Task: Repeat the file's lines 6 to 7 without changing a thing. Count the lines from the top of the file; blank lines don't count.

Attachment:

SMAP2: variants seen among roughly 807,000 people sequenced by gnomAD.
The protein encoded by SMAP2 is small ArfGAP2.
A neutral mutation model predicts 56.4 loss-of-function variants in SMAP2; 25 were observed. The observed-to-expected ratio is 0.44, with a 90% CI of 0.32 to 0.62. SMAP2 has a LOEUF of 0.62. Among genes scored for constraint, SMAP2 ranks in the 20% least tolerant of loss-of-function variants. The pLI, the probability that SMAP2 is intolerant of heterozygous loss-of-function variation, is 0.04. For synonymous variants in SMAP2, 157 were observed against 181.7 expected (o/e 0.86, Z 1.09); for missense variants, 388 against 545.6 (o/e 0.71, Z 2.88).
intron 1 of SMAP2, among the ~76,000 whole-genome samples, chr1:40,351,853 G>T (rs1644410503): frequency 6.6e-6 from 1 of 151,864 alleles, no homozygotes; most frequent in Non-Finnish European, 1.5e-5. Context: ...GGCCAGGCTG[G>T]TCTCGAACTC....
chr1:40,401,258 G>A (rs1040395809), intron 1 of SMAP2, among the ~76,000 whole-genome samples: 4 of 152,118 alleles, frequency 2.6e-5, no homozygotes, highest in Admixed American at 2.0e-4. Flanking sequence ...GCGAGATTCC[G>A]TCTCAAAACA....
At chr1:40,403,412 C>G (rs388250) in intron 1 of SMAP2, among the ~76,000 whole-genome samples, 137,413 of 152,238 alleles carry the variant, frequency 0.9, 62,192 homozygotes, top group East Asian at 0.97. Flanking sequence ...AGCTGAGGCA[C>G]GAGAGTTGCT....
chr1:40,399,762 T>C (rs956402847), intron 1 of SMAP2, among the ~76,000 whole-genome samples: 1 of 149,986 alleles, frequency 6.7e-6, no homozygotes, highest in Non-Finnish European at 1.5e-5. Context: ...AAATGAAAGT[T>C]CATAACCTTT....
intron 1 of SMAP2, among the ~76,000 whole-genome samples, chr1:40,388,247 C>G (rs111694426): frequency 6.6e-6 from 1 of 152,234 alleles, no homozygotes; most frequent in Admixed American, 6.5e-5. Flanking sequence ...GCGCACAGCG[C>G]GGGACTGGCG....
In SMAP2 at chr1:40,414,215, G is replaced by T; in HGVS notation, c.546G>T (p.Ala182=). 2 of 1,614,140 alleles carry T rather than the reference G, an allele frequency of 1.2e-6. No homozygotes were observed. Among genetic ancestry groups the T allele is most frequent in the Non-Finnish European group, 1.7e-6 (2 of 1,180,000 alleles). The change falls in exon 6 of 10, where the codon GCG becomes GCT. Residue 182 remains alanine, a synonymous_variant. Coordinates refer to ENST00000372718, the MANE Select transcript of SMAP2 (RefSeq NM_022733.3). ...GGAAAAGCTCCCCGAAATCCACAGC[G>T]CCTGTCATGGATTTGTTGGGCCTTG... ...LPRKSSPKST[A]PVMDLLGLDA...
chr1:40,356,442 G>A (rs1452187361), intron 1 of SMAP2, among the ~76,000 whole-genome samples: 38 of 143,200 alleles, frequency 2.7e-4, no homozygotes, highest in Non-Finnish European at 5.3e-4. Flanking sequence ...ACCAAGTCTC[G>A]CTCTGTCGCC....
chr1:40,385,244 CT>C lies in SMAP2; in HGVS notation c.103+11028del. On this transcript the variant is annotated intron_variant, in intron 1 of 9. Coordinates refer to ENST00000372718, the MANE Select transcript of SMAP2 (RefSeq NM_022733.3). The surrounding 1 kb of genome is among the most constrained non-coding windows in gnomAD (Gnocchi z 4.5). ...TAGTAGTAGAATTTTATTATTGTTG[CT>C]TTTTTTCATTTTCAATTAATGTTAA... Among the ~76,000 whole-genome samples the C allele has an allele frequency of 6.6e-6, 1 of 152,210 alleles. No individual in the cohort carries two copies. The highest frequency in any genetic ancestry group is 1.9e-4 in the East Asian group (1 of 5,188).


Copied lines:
At chr1:40,403,412 C>G (rs388250) in intron 1 of SMAP2, among the ~76,000 whole-genome samples, 137,413 of 152,238 alleles carry the variant, frequency 0.9, 62,192 homozygotes, top group East Asian at 0.97. Flanking sequence ...AGCTGAGGCA[C>G]GAGAGTTGCT....
chr1:40,399,762 T>C (rs956402847), intron 1 of SMAP2, among the ~76,000 whole-genome samples: 1 of 149,986 alleles, frequency 6.7e-6, no homozygotes, highest in Non-Finnish European at 1.5e-5. Context: ...AAATGAAAGT[T>C]CATAACCTTT....